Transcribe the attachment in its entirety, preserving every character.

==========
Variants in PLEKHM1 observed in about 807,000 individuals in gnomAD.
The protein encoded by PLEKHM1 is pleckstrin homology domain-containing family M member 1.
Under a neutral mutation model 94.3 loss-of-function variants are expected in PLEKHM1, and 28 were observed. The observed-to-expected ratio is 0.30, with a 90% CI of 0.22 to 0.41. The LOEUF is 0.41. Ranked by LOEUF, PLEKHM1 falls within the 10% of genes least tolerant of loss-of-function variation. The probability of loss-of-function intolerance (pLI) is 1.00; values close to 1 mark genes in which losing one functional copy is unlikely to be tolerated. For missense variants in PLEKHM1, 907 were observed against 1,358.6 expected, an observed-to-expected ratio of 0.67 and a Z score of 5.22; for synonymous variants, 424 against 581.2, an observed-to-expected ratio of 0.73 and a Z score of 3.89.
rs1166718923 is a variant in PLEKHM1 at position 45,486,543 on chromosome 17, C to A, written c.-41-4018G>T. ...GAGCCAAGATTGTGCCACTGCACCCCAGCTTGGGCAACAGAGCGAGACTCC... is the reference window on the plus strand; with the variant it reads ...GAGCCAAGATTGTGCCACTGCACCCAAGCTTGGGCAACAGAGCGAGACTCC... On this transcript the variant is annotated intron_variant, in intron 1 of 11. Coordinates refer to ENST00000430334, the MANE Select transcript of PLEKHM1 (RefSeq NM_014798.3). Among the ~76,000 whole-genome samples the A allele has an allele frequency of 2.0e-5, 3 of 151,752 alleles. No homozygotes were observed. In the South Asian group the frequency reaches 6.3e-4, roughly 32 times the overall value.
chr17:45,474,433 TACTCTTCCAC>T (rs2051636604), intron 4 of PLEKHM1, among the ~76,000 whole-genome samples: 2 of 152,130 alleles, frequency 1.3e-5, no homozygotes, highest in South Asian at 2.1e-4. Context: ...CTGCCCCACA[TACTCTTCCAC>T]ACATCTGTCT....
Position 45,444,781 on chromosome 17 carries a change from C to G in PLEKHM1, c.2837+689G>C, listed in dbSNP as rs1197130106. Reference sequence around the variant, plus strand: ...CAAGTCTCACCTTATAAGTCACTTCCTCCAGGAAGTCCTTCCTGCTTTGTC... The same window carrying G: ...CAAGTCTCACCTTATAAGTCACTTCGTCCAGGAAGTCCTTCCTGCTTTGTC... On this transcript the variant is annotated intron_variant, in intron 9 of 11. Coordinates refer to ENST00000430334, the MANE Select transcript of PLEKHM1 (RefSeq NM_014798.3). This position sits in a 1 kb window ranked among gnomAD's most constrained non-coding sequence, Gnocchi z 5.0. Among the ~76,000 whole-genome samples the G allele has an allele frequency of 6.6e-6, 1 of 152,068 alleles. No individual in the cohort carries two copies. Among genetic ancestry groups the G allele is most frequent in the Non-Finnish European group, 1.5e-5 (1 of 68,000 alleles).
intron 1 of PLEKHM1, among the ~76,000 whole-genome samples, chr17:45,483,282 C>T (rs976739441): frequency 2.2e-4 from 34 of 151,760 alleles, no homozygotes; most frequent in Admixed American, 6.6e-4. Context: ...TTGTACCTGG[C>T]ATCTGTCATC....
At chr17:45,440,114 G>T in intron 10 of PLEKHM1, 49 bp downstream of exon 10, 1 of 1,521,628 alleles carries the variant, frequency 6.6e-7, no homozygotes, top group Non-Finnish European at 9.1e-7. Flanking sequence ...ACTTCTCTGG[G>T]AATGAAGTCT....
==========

Variants in PLEKHM1 observed in about 807,000 individuals in gnomAD.
The protein encoded by PLEKHM1 is pleckstrin homology domain-containing family M member 1.
Under a neutral mutation model 94.3 loss-of-function variants are expected in PLEKHM1, and 28 were observed. The observed-to-expected ratio is 0.30, with a 90% CI of 0.22 to 0.41. The LOEUF is 0.41. Ranked by LOEUF, PLEKHM1 falls within the 10% of genes least tolerant of loss-of-function variation. The probability of loss-of-function intolerance (pLI) is 1.00; values close to 1 mark genes in which losing one functional copy is unlikely to be tolerated. For missense variants in PLEKHM1, 907 were observed against 1,358.6 expected, an observed-to-expected ratio of 0.67 and a Z score of 5.22; for synonymous variants, 424 against 581.2, an observed-to-expected ratio of 0.73 and a Z score of 3.89.
rs1166718923 is a variant in PLEKHM1 at position 45,486,543 on chromosome 17, C to A, written c.-41-4018G>T. ...GAGCCAAGATTGTGCCACTGCACCCCAGCTTGGGCAACAGAGCGAGACTCC... is the reference window on the plus strand; with the variant it reads ...GAGCCAAGATTGTGCCACTGCACCCAAGCTTGGGCAACAGAGCGAGACTCC... On this transcript the variant is annotated intron_variant, in intron 1 of 11. Coordinates refer to ENST00000430334, the MANE Select transcript of PLEKHM1 (RefSeq NM_014798.3). Among the ~76,000 whole-genome samples the A allele has an allele frequency of 2.0e-5, 3 of 151,752 alleles. No homozygotes were observed. In the South Asian group the frequency reaches 6.3e-4, roughly 32 times the overall value.
chr17:45,474,433 TACTCTTCCAC>T (rs2051636604), intron 4 of PLEKHM1, among the ~76,000 whole-genome samples: 2 of 152,130 alleles, frequency 1.3e-5, no homozygotes, highest in South Asian at 2.1e-4. Context: ...CTGCCCCACA[TACTCTTCCAC>T]ACATCTGTCT....
Position 45,444,781 on chromosome 17 carries a change from C to G in PLEKHM1, c.2837+689G>C, listed in dbSNP as rs1197130106. Reference sequence around the variant, plus strand: ...CAAGTCTCACCTTATAAGTCACTTCCTCCAGGAAGTCCTTCCTGCTTTGTC... The same window carrying G: ...CAAGTCTCACCTTATAAGTCACTTCGTCCAGGAAGTCCTTCCTGCTTTGTC... On this transcript the variant is annotated intron_variant, in intron 9 of 11. Coordinates refer to ENST00000430334, the MANE Select transcript of PLEKHM1 (RefSeq NM_014798.3). This position sits in a 1 kb window ranked among gnomAD's most constrained non-coding sequence, Gnocchi z 5.0. Among the ~76,000 whole-genome samples the G allele has an allele frequency of 6.6e-6, 1 of 152,068 alleles. No individual in the cohort carries two copies. Among genetic ancestry groups the G allele is most frequent in the Non-Finnish European group, 1.5e-5 (1 of 68,000 alleles).
intron 1 of PLEKHM1, among the ~76,000 whole-genome samples, chr17:45,483,282 C>T (rs976739441): frequency 2.2e-4 from 34 of 151,760 alleles, no homozygotes; most frequent in Admixed American, 6.6e-4. Context: ...TTGTACCTGG[C>T]ATCTGTCATC....
At chr17:45,440,114 G>T in intron 10 of PLEKHM1, 49 bp downstream of exon 10, 1 of 1,521,628 alleles carries the variant, frequency 6.6e-7, no homozygotes, top group Non-Finnish European at 9.1e-7. Flanking sequence ...ACTTCTCTGG[G>T]AATGAAGTCT....